On April 14, 2014, the Third Circuit Court of Appeals decided the United States v. White [i], which serves as an excellent review of the law pertaining to protective sweeps of residences incident to the arrest of an occupant.  The facts of White, taken directly from the case, are as follows:

In the early morning of April 12, 2012, Pennsylvania State Police Troopers James John Hoban, Jr. and Travis Hill were radioed from their dispatch station about a potential domestic disturbance between a father and his daughter. The dispatch supervisor stated “something to the effect of” someone “under the influence of drugs or alcohol” was “waving a loaded firearm around” and “dragging his daughter from room to room,” or may have been “barricaded inside the bathroom.” The daughter’s boyfriend had reported the incident to police, relaying information the daughter was sending him via text message. The dispatcher further advised the troopers that the father was believed to be the defendant, White, who on a prior occasion had fought with the police and resisted arrest.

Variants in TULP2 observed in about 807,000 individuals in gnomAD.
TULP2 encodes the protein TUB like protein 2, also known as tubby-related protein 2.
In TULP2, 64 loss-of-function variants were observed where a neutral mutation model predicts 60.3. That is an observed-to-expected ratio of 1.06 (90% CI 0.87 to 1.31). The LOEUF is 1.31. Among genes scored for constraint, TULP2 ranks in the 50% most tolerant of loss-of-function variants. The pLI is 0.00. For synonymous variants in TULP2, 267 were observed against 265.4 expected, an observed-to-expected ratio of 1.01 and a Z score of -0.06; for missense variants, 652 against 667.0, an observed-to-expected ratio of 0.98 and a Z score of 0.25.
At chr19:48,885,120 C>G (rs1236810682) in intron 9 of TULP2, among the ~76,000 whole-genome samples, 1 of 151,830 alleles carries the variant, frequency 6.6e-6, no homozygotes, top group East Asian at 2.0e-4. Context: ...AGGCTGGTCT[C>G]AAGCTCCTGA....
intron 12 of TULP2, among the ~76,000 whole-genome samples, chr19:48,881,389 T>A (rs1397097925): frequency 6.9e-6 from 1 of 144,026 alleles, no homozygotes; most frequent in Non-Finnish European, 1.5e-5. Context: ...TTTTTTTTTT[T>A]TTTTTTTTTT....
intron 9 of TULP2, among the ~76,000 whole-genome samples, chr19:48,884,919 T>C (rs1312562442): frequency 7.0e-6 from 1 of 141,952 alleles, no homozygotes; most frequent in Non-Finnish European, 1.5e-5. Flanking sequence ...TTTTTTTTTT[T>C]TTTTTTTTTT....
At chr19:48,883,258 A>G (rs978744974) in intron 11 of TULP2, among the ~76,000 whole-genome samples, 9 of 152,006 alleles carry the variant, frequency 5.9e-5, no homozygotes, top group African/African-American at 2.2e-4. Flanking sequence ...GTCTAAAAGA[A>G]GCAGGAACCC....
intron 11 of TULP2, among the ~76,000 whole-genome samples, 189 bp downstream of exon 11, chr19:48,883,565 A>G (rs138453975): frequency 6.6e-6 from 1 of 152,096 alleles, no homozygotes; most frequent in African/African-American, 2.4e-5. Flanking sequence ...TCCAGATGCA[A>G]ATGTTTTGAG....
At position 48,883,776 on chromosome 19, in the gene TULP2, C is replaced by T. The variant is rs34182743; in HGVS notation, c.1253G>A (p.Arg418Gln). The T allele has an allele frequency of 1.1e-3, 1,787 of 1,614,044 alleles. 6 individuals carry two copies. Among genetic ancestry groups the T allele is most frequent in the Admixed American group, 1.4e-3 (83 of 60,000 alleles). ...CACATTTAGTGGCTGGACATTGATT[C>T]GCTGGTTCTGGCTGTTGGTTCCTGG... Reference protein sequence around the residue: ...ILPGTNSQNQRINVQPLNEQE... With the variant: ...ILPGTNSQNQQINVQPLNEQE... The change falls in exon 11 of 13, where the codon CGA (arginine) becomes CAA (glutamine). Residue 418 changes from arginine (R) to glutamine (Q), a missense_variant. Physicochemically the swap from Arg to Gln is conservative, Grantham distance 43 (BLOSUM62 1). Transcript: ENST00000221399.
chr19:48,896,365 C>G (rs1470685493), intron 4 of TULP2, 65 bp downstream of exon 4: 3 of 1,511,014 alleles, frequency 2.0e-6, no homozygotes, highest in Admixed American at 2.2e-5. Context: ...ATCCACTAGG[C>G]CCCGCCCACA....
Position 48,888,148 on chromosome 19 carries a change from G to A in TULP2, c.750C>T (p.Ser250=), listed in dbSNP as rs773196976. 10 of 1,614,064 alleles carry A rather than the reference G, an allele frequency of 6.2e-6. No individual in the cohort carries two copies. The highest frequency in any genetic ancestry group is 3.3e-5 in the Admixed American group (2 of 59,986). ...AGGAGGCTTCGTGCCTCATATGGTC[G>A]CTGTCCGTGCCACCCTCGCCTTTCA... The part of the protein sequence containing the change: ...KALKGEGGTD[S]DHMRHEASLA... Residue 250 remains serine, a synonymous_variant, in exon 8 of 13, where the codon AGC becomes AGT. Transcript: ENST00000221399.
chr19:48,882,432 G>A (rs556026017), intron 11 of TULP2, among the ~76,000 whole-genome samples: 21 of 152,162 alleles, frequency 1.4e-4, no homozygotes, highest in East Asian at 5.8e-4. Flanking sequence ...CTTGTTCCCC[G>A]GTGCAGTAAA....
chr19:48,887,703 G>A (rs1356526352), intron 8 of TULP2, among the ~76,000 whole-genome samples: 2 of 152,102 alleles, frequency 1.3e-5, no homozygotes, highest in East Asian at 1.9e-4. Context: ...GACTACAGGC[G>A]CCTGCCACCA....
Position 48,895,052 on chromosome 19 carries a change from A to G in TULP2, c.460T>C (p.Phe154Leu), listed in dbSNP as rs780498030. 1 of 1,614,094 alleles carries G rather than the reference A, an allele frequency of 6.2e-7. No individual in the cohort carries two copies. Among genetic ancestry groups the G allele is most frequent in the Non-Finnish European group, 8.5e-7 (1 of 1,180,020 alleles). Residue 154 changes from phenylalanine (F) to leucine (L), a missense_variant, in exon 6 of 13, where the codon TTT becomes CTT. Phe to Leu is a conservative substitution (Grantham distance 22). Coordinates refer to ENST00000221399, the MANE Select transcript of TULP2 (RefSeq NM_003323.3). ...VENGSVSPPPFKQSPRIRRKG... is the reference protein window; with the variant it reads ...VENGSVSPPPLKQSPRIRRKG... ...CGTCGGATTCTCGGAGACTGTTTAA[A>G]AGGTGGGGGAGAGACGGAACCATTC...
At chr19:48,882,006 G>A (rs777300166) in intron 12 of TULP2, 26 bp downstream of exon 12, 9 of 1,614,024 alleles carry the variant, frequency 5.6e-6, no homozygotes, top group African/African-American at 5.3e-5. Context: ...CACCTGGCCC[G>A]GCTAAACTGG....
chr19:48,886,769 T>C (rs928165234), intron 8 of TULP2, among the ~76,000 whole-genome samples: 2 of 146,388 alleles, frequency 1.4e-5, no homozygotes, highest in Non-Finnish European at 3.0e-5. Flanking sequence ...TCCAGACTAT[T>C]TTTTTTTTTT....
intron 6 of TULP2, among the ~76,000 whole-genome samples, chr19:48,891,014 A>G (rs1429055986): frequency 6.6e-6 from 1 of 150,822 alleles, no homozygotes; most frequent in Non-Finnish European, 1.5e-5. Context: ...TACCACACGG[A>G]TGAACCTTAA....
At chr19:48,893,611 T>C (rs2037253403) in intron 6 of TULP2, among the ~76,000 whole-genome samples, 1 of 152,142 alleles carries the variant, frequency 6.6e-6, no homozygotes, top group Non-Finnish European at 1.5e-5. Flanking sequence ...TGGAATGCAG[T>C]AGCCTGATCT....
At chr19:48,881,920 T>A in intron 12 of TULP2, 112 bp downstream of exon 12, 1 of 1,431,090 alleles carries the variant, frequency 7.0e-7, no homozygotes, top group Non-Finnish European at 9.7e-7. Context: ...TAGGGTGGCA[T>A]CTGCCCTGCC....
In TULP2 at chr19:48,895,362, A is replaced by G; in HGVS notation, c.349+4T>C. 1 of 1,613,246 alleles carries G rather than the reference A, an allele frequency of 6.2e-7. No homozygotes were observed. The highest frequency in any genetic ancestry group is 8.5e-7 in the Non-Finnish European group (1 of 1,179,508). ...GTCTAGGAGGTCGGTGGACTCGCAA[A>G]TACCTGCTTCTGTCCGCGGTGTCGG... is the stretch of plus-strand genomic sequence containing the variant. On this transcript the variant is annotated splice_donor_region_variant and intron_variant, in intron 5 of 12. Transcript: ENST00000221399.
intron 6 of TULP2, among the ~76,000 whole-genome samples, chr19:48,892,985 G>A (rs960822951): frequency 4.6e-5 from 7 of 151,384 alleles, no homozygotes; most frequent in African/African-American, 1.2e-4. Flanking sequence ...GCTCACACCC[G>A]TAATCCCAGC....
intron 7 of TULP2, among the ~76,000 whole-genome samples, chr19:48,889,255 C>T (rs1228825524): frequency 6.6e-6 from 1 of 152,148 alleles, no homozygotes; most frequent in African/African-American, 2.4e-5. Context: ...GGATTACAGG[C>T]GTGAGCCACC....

Within approximately 15 minutes, Troopers Hoban and Hill arrived at the residence, which was a trailer home with a mud room attached to the front. The troopers observed two individuals looking out from behind the screen door of the mud room. With their guns drawn, the troopers ordered both individuals to come outside. The taller of the two – who turned out to be White – emerged first and walked unsteadily towards the troopers, leading them to conclude he was intoxicated or under the influence of drugs. When White was at a distance of about 20 feet from the entrance to the home, the troopers instructed him to lay face down on the ground; White complied and was handcuffed. Trooper Hill then escorted White to the police cruiser, which was parked farther away from the residence, conducted a pat down search, and found that White was not in possession of a firearm or any other weapon.